How We Built an Extensible Tour System for Streak

Streak is a process management tool that helps you manage a wide variety of processes and workflows such as Sales, Hiring, Bug Fixing, etc. This flexibility is both a blessing and a curse since it can do almost anything, but people aren’t sure where to start. To help alleviate this issue and ease people into using Streak we’ve launched a new in-app tour system.

When designing our tour it became apparent that getting it “right” would be near impossible without serious trial and error. Traditional approaches for tours involve coding javascript with explicit calls or embedding special tags in your HTML — this makes trying different variations of a tour overly arduous. We needed to come up with something that would let us create different tour variations quickly and easily and even let us do A/B tests with vastly different tours.

The Tour Book

The key breakthrough was to move away from designing the tour through HTML tags or straight javascript code and instead encoding the tour in a JSON configuration file. At a high level we like to think of the tour system as an interactive book, users can flip through pages, going through chapters, sometimes going back or even skipping ahead. In this analogy, each page of our tour book refers to a single tip or piece of help that we are pointing out to a user. Here’s an example of a page in our tour:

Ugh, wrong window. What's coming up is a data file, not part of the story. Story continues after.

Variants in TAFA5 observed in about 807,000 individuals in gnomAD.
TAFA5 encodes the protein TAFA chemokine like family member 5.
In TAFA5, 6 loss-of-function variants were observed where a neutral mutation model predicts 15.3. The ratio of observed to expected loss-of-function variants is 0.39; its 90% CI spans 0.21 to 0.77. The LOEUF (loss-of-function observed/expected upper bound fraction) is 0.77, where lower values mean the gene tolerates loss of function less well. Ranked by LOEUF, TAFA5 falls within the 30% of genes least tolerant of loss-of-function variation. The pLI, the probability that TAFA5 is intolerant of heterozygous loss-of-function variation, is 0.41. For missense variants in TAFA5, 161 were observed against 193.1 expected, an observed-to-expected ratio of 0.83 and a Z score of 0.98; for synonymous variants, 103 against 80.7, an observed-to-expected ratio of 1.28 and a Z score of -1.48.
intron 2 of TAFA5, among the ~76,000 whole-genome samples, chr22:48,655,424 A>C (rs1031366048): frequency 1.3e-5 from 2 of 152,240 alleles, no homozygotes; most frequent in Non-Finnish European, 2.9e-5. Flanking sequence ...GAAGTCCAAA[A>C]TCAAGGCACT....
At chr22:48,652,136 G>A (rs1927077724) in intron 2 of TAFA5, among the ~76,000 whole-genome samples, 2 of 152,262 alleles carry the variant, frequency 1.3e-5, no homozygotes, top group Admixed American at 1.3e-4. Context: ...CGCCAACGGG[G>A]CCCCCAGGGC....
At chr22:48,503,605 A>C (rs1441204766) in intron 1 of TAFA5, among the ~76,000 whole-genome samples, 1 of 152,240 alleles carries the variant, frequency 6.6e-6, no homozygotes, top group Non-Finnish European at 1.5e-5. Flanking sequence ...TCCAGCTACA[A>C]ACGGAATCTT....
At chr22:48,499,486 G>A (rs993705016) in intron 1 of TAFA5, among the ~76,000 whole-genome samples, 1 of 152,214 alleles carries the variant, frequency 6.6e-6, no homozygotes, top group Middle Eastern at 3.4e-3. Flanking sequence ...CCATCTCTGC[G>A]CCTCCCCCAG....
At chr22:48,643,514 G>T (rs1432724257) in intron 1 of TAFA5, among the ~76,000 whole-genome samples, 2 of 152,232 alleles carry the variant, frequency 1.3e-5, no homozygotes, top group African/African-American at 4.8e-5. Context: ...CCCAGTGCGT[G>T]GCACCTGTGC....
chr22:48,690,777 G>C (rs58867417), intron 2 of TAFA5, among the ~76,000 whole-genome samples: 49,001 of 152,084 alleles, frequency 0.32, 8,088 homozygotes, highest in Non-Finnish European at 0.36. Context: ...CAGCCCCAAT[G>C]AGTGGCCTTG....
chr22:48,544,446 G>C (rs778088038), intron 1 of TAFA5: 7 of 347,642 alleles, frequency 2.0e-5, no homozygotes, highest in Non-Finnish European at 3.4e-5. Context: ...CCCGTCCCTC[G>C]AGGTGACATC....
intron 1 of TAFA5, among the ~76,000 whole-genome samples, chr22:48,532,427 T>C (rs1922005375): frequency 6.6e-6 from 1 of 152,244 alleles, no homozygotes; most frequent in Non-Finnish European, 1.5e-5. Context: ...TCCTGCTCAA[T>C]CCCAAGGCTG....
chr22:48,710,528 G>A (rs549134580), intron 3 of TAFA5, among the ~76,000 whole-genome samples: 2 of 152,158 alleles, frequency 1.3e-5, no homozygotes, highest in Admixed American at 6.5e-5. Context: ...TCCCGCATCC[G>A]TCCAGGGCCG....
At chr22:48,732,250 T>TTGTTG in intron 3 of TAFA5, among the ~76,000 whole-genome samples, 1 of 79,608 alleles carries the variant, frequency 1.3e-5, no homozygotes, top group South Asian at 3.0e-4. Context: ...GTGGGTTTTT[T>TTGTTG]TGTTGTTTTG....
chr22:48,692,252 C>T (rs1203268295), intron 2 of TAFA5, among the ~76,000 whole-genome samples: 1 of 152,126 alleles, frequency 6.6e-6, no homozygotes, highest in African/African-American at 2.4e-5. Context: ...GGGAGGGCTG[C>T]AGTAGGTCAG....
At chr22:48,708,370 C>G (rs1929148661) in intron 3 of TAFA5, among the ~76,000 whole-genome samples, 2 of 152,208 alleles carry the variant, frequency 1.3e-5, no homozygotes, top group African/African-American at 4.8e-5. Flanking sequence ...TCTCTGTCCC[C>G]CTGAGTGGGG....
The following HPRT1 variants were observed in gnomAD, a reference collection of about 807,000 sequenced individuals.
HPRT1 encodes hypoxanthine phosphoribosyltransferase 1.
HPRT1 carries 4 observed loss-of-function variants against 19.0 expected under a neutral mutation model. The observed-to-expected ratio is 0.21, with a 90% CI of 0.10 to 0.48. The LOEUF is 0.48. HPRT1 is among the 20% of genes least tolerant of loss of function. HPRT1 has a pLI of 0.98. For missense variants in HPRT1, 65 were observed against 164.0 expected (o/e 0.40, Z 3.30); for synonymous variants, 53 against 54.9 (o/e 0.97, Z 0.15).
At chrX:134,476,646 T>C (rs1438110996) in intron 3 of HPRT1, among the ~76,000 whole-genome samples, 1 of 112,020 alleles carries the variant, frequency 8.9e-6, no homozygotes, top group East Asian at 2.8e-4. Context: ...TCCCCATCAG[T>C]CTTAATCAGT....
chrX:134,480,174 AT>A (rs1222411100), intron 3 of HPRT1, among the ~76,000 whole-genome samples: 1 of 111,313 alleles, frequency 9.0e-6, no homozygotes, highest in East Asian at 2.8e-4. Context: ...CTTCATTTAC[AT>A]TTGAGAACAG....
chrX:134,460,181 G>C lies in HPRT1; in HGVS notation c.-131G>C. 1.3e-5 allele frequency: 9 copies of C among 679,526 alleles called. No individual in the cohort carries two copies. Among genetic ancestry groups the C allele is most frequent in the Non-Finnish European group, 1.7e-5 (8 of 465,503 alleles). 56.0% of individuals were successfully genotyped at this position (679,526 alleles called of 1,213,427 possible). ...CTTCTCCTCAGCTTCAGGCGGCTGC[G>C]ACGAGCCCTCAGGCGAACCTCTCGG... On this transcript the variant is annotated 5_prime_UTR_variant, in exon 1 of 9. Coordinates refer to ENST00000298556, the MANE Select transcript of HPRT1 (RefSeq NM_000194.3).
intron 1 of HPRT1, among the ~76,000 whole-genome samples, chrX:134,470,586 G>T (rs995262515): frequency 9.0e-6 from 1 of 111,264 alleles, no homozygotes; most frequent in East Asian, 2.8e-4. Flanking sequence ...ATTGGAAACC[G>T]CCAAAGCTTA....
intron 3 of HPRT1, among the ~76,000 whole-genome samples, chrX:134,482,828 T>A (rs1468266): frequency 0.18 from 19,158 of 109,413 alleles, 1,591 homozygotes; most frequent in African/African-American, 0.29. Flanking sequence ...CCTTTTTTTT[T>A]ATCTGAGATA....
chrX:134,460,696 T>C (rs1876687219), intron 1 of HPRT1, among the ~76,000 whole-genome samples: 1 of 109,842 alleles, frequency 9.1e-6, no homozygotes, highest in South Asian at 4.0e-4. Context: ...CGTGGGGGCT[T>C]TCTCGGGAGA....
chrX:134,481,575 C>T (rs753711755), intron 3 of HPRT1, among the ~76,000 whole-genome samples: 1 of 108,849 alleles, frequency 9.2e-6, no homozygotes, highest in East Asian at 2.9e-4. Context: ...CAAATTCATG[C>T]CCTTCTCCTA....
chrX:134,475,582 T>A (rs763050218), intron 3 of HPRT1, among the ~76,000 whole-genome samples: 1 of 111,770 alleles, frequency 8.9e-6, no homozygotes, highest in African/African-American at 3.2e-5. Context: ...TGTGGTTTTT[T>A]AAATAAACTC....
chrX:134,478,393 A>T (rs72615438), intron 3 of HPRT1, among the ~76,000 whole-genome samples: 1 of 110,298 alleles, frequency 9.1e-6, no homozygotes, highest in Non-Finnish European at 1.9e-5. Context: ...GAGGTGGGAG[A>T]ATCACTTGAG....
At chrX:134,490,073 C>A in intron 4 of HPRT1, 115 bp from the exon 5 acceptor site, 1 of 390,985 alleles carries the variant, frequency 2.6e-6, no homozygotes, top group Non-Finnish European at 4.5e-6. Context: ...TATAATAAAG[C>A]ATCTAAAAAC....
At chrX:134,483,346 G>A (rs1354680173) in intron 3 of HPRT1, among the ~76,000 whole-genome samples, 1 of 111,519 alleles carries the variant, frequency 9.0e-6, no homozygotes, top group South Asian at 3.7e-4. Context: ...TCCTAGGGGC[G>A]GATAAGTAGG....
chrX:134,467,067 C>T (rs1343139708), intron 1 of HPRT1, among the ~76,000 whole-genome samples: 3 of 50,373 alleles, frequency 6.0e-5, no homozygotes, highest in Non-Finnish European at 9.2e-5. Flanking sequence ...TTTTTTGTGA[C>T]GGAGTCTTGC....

The above is an example of a page. The chapter in this case would be the set of Pages that explains the various parts of this entire view.

By writing the tour as a JSON file it makes it trivial to change up not only wording, but the entire flow of a tour through our app.

Here’s some key terminology:

  • The JSON file is called a Tour Book
  • A Tour Book is composed of Chapters
  • A Chapter is a set of Pages and optional Triggers
  • A Trigger is a boolean expression that determines when a chapter is run
  • A Page is a set of Items
  • An Item is either a Widget or Function

Widgets: we have a standard set of widgets that are the kind of different visual elements you’ve seen before. Modals, tooltips, highlight, and overlays. In the Tour Book you can specify the title and contents of the widget alongside what buttons show up and what they do.

Functions: used to execute custom functionality as required by the tour designer. i.e. when a user first signs up for Streak we present them with a page to select what pipeline template they’d like to start with, this isn’t a standard widget but instead a custom function that is called.

How a Tour Is Run

We have our Tour Book, and we have our widgets, but how does the tour actually get executed and started?

Here’s what’s happening in the diagram:

  • When the user makes their first request to the server we assign a random Tour Book to that user in this case it’s MyTourBook.json
  • The Tour Book gets downloaded and passed to the tourRunner class
  • The tourRunner class parses the Tour Book and searches for any chapter triggers and also gets the associated Tour Functions file for this Tour Book which in this case is MyTourFunctions